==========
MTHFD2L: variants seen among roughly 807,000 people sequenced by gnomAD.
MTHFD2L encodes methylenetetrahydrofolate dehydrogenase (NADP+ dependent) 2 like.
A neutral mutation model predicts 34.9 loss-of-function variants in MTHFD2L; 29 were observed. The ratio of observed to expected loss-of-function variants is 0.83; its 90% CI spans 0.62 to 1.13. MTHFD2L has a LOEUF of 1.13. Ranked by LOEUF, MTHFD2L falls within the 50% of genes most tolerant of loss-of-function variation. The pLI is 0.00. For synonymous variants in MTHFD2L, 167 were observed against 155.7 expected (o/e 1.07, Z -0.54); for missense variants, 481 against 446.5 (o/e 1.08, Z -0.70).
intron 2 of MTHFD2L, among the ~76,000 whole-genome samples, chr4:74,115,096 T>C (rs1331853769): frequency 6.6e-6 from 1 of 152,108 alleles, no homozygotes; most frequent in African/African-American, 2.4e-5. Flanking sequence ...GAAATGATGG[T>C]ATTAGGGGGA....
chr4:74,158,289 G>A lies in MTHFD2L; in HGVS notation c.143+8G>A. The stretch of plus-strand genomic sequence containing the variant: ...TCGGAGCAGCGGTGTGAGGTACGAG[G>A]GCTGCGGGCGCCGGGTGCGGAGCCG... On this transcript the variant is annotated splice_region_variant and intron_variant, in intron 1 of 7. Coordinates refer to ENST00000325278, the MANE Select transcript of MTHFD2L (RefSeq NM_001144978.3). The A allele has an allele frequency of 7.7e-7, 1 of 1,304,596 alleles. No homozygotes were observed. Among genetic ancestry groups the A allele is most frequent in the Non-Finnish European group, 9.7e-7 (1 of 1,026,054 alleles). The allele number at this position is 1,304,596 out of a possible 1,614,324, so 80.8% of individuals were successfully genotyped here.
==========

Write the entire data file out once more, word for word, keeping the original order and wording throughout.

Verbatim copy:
MTHFD2L: variants seen among roughly 807,000 people sequenced by gnomAD.
MTHFD2L encodes methylenetetrahydrofolate dehydrogenase (NADP+ dependent) 2 like.
A neutral mutation model predicts 34.9 loss-of-function variants in MTHFD2L; 29 were observed. The ratio of observed to expected loss-of-function variants is 0.83; its 90% CI spans 0.62 to 1.13. MTHFD2L has a LOEUF of 1.13. Ranked by LOEUF, MTHFD2L falls within the 50% of genes most tolerant of loss-of-function variation. The pLI is 0.00. For synonymous variants in MTHFD2L, 167 were observed against 155.7 expected (o/e 1.07, Z -0.54); for missense variants, 481 against 446.5 (o/e 1.08, Z -0.70).
intron 2 of MTHFD2L, among the ~76,000 whole-genome samples, chr4:74,115,096 T>C (rs1331853769): frequency 6.6e-6 from 1 of 152,108 alleles, no homozygotes; most frequent in African/African-American, 2.4e-5. Flanking sequence ...GAAATGATGG[T>C]ATTAGGGGGA....
chr4:74,158,289 G>A lies in MTHFD2L; in HGVS notation c.143+8G>A. The stretch of plus-strand genomic sequence containing the variant: ...TCGGAGCAGCGGTGTGAGGTACGAG[G>A]GCTGCGGGCGCCGGGTGCGGAGCCG... On this transcript the variant is annotated splice_region_variant and intron_variant, in intron 1 of 7. Coordinates refer to ENST00000325278, the MANE Select transcript of MTHFD2L (RefSeq NM_001144978.3). The A allele has an allele frequency of 7.7e-7, 1 of 1,304,596 alleles. No homozygotes were observed. Among genetic ancestry groups the A allele is most frequent in the Non-Finnish European group, 9.7e-7 (1 of 1,026,054 alleles). The allele number at this position is 1,304,596 out of a possible 1,614,324, so 80.8% of individuals were successfully genotyped here.